Five Outside Workouts You Can Do Anywhere to Get Stronger
Sometimes, we need a little variation in our usual exercise plan. You might consider using less equipment to avoid the hassle or working out in the park to get some fresh air. Whether it’s mixing up your workout routine or setting, it’s nice to have a change of pace once in a while.
If you decide to change up your routine, you may be wondering what sort of exercises you can do to accommodate a new environment and maximize your workout session. To get you started, we’ve outlined a mix of five cardio and bodyweight workouts you can do anywhere outside to build your strength. We've also provided some strategies that are helpful in building muscle.
What Are Bodyweight Exercises?
Bodyweight exercises are strength-training workouts that only use your body weight as resistance. Although these may sound relatively simple, they can become quite challenging when you make the slightest change in the positioning of your body or when you increase the number of reps and sets. With that said, bodyweight workouts are convenient and great for all fitness levels and allow you to enjoy benefits such as:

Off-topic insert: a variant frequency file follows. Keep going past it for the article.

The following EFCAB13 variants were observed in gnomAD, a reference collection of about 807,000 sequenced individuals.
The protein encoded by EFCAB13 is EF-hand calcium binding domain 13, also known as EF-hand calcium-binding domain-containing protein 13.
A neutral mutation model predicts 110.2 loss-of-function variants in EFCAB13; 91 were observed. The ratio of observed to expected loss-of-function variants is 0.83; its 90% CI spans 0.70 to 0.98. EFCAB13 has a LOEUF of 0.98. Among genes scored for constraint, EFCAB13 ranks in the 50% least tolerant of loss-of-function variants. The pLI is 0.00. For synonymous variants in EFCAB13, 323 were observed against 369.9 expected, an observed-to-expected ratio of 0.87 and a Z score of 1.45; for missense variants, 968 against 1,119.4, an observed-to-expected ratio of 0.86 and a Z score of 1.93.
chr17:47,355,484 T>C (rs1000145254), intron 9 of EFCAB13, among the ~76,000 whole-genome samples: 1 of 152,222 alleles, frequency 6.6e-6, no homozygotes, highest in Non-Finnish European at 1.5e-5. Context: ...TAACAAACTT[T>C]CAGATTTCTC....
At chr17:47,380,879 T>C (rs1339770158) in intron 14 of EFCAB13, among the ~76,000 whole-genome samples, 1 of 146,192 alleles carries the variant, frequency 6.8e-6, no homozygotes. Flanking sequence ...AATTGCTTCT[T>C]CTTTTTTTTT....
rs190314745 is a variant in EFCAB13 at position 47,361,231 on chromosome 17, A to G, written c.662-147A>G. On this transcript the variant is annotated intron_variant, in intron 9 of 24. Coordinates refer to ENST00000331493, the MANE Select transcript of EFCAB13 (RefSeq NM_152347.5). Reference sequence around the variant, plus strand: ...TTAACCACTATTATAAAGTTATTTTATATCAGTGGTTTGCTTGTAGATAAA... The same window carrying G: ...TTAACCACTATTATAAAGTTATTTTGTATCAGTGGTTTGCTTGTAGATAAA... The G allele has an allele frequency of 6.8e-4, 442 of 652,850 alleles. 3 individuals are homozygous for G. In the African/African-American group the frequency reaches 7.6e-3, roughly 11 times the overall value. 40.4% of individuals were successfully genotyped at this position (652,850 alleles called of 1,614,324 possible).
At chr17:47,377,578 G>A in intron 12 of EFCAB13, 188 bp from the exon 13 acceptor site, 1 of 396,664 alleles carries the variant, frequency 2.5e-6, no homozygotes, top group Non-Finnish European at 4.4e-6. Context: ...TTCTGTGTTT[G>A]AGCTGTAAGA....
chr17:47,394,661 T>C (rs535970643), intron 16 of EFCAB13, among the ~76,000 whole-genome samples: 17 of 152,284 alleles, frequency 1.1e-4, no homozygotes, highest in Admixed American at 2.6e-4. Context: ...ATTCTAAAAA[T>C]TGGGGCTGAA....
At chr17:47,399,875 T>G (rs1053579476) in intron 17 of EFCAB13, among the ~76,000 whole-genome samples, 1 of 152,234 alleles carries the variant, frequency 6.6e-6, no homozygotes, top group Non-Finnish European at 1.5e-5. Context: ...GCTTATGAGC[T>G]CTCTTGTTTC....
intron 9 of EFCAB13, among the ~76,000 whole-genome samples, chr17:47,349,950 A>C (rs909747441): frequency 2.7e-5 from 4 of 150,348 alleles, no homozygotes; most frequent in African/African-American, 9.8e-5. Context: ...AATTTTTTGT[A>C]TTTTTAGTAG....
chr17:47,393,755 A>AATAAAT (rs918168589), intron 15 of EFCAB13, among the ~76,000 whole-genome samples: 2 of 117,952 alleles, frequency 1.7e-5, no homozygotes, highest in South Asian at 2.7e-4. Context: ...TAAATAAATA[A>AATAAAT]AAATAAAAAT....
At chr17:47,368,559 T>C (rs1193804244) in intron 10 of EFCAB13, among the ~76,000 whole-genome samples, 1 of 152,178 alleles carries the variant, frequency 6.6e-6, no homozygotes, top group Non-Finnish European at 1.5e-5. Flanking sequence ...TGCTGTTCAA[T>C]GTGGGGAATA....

- Increased mobility
- Increased flexibility
- Increased stability
- Reduced risk of injury
What Are the Best Exercises to Do Outside?
If you want a full bodyweight workout mixed in with a little cardio, these are some exercises that you can do to improve your strength and endurance without the use of a gym!
1. Squat to Overhead Press
Squats are great for toning and strengthening your lower body (especially the quads and glutes). However, if you want to take things to the next level, squatting to an overhead press also targets your upper body (specifically the core, shoulders, and triceps). To do this exercise, you’ll need a resistance band to hold in your hands and place under your feet as you squat.
When you squat, make sure your feet are shoulder-width apart. As you squat down, stick your butt out as if you are about to sit in a chair. Make sure that your knees don’t extend past your toes. When you stand back up, you should only use your hip and thigh muscles and keep your knees straight.
As you stand into an overhead press, bring your arms over your head and extend them while holding one end of the resistance band; the other end of the band should be stationed under your feet. Make sure your arms are straight as you stand tall and lengthen your back.
If you need a variety of resistance bands to help you train at different fitness levels, you can check out the URBNFit Resistance Band Set that comes with handles, a door anchor, and wrist and ankle straps to optimize your workout wherever you are.
One of the most effective ways to increase your heart rate is to add a bit of cardio to your workout routine. As a form of running, sprint-starts are a great way to burn fat and lose weight.